During a recent meeting with my supervisor, we chuckled (ironically) about the different meanings the word ‘summer’ holds for undergraduates and postgraduates. At the moment, I’m invigilating at the summer exams. As we’re over halfway through the examination period, almost every session ends with a collective ‘whoop!’ from the students followed by various versions of ‘we’re free for the summer! Time to head off on my J1/go inter-railing/work four jobs to pay off my debts!’ Mainly though, they’re free from the books, free from studying, free from the library until September. These kids are on Holiday.
Ask a postgrad what the summer means and they’ll generally respond with their own ‘whoop’ about how they’re finally free of teaching hours, lesson planning, essay marking, administration, exam marking and can lock themselves in a quiet room to work on their own research or spend time in the now-deserted library or head off to visit archives. It’s not a holiday in the undergraduate sense of the word but if you’re anything like me, it’s as good as an all-expenses paid round-the-world trip…that you probably have to pay for yourself but that’s a whole other article.
The biggest problem is deciding what to do with all the blank pages in the diary. The temptation is to make a to-do list that consists of only one thing: Do everything. What I’ve learned over the last two summers is to have a plan, but more importantly to have a realistic plan. I’m not about to offer a fool-proof method to successfully negotiate the summer and come out the other end with half your thesis written but it might give you some ideas (and you might have some for me, too!).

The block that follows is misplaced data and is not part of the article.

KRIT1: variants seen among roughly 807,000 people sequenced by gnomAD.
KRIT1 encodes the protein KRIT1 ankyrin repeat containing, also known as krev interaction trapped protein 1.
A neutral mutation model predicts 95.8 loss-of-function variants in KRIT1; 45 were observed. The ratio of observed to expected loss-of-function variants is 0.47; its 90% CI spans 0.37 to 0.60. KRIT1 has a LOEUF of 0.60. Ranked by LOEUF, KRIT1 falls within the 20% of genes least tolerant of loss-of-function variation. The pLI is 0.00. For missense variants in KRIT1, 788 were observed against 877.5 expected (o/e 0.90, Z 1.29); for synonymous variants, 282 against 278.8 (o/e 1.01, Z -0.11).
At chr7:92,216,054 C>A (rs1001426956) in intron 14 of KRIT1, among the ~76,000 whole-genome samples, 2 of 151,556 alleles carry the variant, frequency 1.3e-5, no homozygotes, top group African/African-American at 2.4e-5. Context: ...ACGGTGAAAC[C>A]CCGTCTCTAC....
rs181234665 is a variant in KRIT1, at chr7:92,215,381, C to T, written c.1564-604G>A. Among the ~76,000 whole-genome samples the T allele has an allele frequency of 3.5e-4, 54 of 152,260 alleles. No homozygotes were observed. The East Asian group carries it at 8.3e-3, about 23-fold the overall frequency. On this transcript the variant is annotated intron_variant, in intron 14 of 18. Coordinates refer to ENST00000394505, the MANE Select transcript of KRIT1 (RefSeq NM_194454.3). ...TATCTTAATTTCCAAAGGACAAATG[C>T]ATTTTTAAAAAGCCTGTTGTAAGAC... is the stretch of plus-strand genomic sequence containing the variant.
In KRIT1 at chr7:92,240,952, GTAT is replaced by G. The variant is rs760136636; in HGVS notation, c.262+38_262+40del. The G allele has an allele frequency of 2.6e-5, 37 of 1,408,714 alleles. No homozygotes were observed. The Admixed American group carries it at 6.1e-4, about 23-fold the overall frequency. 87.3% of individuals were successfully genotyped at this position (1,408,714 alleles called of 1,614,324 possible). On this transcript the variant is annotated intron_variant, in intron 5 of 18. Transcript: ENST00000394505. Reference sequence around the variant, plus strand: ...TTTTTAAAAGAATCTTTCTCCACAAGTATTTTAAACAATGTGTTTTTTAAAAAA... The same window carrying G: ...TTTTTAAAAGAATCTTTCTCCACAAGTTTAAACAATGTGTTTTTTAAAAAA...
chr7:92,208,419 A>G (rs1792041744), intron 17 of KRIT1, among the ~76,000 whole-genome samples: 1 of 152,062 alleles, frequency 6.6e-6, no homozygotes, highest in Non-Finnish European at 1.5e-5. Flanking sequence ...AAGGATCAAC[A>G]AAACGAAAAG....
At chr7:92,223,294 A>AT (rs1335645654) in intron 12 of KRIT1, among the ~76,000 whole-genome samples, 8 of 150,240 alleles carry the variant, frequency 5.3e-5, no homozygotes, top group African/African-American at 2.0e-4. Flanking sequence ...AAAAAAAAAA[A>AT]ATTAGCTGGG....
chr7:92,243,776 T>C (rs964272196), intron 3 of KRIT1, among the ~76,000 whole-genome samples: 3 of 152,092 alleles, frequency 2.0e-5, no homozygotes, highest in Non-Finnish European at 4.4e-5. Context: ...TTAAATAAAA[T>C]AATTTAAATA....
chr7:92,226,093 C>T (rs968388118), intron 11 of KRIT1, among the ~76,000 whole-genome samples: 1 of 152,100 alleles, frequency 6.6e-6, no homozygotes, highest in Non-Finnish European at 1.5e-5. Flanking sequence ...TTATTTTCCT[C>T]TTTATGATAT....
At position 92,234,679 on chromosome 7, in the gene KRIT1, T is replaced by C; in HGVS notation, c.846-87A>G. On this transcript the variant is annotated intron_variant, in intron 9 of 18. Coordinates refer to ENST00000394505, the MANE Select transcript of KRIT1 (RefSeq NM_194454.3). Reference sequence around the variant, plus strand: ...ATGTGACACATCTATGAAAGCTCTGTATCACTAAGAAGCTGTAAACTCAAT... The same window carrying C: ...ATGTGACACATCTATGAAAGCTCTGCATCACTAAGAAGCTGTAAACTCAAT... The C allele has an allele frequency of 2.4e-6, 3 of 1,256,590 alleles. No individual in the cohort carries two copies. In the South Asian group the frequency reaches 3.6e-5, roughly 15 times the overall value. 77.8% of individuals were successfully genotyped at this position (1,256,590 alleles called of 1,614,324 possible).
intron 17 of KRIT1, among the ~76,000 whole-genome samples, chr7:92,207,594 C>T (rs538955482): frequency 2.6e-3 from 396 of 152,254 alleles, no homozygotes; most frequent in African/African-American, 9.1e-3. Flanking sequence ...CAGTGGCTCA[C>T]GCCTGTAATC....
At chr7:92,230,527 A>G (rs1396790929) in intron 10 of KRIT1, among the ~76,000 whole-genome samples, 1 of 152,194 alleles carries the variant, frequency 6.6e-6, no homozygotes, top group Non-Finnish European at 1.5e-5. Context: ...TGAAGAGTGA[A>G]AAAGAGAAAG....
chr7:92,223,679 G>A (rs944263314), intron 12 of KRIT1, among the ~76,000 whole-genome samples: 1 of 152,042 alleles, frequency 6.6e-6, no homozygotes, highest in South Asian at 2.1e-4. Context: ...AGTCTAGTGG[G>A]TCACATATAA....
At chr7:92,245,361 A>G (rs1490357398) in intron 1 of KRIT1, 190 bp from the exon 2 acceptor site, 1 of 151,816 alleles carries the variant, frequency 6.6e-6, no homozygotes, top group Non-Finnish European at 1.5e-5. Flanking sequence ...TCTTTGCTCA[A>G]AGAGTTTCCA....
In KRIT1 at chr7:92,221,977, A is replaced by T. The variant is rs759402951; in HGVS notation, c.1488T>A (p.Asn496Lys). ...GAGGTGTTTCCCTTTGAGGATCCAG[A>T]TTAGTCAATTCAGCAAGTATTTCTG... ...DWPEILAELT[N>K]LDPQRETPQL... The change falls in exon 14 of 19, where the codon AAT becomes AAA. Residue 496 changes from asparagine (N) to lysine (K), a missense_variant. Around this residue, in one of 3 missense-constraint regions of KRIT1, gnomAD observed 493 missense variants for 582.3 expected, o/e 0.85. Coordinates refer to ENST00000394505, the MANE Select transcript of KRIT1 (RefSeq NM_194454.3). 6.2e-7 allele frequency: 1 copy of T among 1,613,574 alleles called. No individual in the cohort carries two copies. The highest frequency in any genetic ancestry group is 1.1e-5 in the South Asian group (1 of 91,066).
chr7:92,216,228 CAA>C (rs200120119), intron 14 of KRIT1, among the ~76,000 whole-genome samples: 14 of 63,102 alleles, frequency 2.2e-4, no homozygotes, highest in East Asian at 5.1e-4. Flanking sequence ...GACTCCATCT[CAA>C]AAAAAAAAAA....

What do I mean by a realistic plan? It’s great to make a list of everything you need to get done between now and when you submit your thesis, but how much of that are you really going to get done in the couple of weeks over the summer? Know exactly how much time you have to play around with. Be aware of how quickly you work. Everyone reads and writes at different paces so be brutally honest in terms of your word count targets and to-read lists. Avoid the disappointment of getting to September and looking at everything you didn’t get done over the summer because you aimed to do too much.
Plan days off. It is the summer after all, and as odd as it may sound, we are allowed to take breaks! If nothing else, it will help you develop a routine if you step away from the books or computer every once in a while. It will also hopefully recharge you so that when you come back to work, you’re refreshed and ready to go.
Tell someone else what you aim to achieve. This is the most important thing that I do every summer. I showed my supervisor the schedule I outlined for myself so now I have to produce work by a certain deadline. It creates a sense of accountability and will motivate you to get stuff done.
These are just some of the things I do to make the most of the summer. Have you any survival tips or cheats for making academic hay while the sun is meant to be shining?